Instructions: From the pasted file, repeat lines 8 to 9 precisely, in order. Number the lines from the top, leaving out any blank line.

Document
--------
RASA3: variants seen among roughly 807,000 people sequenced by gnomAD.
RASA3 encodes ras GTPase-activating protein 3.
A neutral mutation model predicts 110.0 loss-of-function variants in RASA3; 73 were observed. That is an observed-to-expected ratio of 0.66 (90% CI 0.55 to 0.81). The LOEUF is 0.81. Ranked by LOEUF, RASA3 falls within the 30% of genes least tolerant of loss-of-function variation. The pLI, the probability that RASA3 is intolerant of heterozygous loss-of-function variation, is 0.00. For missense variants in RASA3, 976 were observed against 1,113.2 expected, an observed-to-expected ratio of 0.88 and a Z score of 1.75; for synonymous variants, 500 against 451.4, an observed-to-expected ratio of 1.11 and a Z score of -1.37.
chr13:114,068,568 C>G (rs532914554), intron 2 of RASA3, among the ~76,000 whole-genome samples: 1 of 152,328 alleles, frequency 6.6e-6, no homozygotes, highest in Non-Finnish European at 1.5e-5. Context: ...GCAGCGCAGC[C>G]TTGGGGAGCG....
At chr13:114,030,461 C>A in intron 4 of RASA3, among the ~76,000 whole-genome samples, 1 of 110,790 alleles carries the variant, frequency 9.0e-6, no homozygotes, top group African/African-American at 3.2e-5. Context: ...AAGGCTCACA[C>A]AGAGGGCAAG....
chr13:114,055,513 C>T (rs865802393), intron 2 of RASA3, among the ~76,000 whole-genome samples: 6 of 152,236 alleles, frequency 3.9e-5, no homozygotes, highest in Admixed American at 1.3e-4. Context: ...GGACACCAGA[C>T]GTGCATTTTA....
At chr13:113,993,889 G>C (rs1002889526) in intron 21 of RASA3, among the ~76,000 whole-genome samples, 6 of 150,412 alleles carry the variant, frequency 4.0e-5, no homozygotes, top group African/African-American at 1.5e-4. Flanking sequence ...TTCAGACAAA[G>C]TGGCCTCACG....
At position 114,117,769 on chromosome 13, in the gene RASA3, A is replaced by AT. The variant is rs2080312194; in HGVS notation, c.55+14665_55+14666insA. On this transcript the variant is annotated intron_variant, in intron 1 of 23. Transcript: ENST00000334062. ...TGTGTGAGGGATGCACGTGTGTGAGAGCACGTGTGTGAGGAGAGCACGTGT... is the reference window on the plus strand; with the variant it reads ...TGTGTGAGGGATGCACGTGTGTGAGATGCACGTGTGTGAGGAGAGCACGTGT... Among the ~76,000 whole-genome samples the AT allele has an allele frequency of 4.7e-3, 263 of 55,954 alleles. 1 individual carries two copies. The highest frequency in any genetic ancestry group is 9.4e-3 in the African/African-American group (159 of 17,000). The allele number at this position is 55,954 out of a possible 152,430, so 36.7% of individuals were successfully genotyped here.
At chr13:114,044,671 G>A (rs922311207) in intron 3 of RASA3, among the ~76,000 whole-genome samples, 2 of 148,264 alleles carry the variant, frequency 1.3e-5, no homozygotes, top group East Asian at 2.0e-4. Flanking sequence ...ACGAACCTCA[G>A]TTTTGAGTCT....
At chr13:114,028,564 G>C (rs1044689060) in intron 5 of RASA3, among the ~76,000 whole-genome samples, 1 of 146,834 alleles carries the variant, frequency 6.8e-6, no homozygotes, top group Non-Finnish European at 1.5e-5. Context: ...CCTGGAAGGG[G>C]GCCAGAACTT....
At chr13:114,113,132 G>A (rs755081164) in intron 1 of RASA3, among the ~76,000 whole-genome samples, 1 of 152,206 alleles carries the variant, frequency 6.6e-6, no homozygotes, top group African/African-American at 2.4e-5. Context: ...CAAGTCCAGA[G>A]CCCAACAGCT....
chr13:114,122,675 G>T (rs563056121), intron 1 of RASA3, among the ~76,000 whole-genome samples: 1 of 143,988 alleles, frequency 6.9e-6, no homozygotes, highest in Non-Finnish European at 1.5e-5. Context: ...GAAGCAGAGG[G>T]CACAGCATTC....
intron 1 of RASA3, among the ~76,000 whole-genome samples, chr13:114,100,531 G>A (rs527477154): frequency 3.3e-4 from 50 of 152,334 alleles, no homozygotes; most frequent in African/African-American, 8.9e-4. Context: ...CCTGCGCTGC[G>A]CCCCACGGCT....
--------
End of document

At position 114,117,769 on chromosome 13, in the gene RASA3, A is replaced by AT. The variant is rs2080312194; in HGVS notation, c.55+14665_55+14666insA. On this transcript the variant is annotated intron_variant, in intron 1 of 23. Transcript: ENST00000334062. ...TGTGTGAGGGATGCACGTGTGTGAGAGCACGTGTGTGAGGAGAGCACGTGT... is the reference window on the plus strand; with the variant it reads ...TGTGTGAGGGATGCACGTGTGTGAGATGCACGTGTGTGAGGAGAGCACGTGT... Among the ~76,000 whole-genome samples the AT allele has an allele frequency of 4.7e-3, 263 of 55,954 alleles. 1 individual carries two copies. The highest frequency in any genetic ancestry group is 9.4e-3 in the African/African-American group (159 of 17,000). The allele number at this position is 55,954 out of a possible 152,430, so 36.7% of individuals were successfully genotyped here.
At chr13:114,044,671 G>A (rs922311207) in intron 3 of RASA3, among the ~76,000 whole-genome samples, 2 of 148,264 alleles carry the variant, frequency 1.3e-5, no homozygotes, top group East Asian at 2.0e-4. Flanking sequence ...ACGAACCTCA[G>A]TTTTGAGTCT....